JL:  Well, with them gone they leave you with a sense of isolation initially. But I still have brothers and  there’s a sense of family about us. I’m quite closely bonded with my brothers, very closely as it happens. There’s also my life with my wife, Nora, which is exceptional. Exceptional. I found an incredible individual human being who I worship in my own way. In childhood I thought my father was a bit on the cruel side, but now that’s he’s gone I can look at him more positively; that actually helped shape me into what I am, a person that doesn’t tolerate liars and doesn’t want to lie himself. I’m positive in my outlook. It may be something of a flaw but when I meet new people I’m generally trusting almost completely. I leave myself wide open and if they make the mistake of trying to f**k me over, well, bye bye. (laughs) No vicious hatred in it about me, but there’s a person that isn’t worth it. And unfortunately, there are a few of that kind out there. But given time they might change.

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GM: Can you recall when you first realized the Pistols were really starting to break and happen?

JL:  Well, I never thought of it in terms of, “We’re gonna be a successful rock band.” (laughs) That’s clearly not an ambition that any of us considered was even possible. But we were enjoying what we were doing and we enjoyed each other’s company, initially a lot. Even though there were rows almost continuously, at least they were all open. See, I don’t mind rowing when the conversation is positive. You get to somewhere better. That’s all any of us are trying to do in life, which is to search out the reason why. Why anything at all? I loved that sharing things, so the Pistols taught me a lot; a group effort, a combined effort gets better results rather than individual nonsense.

GM: The whole is greater than the sum of its parts.

JL:  It really is. As I went into Public Image later, that’s the philosophy I brought, that everything must be equal in the pay outs and don’t want to run away with songwriting credits, because you create an uneven balance inside the organization you’re trying to work with.

GM: When do you believe you found your voice as a songwriter?

JL:  I think when I stopped panicking (laughs) and just let the fear go and got on with it. But that took some time, I’ll tell you. Some of those early Pistols gigs there was a lot of Dutch courage going on. You’d have a few pints of lager just before you hit the stage just because of the nerves. What I’ve done from those early days onward is I’ve learnt now to enjoy being that nervous. Again, it’s from reading books, autobiographies from actors talking about that stage fright thing. I was like, “Oh my God, look, it does exist!” (laughs)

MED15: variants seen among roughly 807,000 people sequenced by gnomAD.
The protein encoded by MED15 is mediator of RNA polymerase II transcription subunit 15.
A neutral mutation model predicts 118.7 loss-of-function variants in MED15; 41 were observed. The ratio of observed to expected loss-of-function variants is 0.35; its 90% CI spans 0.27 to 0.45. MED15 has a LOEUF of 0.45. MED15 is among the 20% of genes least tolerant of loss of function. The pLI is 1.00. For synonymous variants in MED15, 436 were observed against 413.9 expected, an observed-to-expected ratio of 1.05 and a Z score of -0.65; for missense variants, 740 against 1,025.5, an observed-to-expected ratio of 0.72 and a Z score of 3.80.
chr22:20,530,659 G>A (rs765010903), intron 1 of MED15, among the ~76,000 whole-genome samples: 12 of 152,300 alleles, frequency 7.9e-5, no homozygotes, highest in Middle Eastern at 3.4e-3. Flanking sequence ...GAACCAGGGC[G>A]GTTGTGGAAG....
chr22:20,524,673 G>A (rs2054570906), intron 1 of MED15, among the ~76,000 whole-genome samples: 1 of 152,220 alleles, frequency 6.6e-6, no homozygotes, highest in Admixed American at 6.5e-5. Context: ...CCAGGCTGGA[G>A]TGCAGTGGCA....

What’s the back story behind the lyrical inspiration and title of “God Save the Queen”?

JL:  Originally I had a jacket and I just wrote “God Save The Queen” on it. (laughs) I was full of sarcasm but mostly irony, I suppose. I was trying to be witty. One morning I woke up and I had the thing in my head and I just wrote it down. It took a lot of rehearsal but we got there in the end. “God Save the Queen” is a very odd song because it doesn’t really contain what you would call a chorus or a verse.

GM: You said it “breaks the rules of the pop song format.”

JL:  Yes and oddly enough when you listen to it, it doesn’t come across as being difficult. At the time that was considered non-music because it wasn’t following traditional formats. We were oblivious to what a format was really, because we were all just learning and that was part of us learning with sounds and songs like that. So, I always look back to that period with the utmost respect, thrilling time.